This study examined the determinants of attaining/not attaining 10 000 steps per day among older women.
Methods: Daily step counts over 7 days were measured using accelerometry. Self-reported environmental characteristics, self-efficacy, social support and functional limitations were assessed in 128 older women. The presence of areas for activity within 1 km of each participant's residence was assessed using Geographic Information Systems. Multivariate analysis of variances were used to examine the degree to which these groups differed on measured constructs, and discriminant analysis was used to determine the profiles that discriminate among those who did not attain 10 000 steps per day and those who did.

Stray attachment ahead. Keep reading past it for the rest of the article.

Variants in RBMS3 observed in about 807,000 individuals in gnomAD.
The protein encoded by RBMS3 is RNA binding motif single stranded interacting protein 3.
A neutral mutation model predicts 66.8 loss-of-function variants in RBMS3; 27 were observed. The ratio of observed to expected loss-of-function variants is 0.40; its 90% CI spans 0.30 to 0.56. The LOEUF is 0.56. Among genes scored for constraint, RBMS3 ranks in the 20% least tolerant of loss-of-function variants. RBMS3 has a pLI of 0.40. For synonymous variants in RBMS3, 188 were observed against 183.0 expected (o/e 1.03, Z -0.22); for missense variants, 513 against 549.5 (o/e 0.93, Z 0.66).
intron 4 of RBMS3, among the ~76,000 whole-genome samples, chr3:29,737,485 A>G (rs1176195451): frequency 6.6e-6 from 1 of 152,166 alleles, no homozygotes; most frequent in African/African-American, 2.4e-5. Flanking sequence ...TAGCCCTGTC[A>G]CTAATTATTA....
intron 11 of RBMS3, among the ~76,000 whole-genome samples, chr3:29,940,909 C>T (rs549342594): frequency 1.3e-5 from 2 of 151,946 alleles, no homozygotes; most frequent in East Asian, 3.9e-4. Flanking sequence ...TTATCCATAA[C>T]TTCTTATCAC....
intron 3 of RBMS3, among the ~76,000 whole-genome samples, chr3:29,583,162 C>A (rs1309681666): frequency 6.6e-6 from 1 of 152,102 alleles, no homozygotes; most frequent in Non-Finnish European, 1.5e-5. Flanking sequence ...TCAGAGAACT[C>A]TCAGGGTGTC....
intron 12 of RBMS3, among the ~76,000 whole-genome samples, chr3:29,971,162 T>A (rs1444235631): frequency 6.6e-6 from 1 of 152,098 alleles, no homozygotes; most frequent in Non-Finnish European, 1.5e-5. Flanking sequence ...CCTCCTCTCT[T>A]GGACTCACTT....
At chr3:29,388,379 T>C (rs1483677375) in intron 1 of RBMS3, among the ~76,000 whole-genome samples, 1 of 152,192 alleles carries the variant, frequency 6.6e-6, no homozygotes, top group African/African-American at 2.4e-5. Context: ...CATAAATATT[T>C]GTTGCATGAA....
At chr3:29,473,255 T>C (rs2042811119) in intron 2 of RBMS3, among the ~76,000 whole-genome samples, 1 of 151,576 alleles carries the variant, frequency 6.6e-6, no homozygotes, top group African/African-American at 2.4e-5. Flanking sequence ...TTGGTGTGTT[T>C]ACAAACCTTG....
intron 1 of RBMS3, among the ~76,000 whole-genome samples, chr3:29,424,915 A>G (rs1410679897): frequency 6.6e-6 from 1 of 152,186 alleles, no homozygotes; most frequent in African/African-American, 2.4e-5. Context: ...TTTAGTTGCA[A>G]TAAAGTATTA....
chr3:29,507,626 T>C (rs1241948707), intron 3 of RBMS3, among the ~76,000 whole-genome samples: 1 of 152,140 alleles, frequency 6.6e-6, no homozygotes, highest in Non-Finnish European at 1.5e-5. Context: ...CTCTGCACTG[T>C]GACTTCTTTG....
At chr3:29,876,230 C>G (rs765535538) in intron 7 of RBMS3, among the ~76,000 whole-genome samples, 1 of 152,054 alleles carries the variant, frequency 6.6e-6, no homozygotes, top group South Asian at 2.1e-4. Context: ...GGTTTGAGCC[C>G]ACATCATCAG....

Results: Participants who did not attain 10 000 steps per day reported lower self-efficacy (P < 0.05), greater functional limitations (P < 0.05), had significantly fewer walking paths (P < 0.05) within 1 km of their home and reported significantly less street connectivity (P < 0.05) and safety from traffic (P < 0.05) than those who achieved 10 000 steps per day.
Conclusion: Lack of perceived and actual environmental supports for walking, more functional limitations and lower self-efficacy are barriers to achieving 10 000 steps per day. The absence of these individual and environmental characteristics inhibits walking behavior in older women and should be considered in campaigns to promote a physically active lifestyle.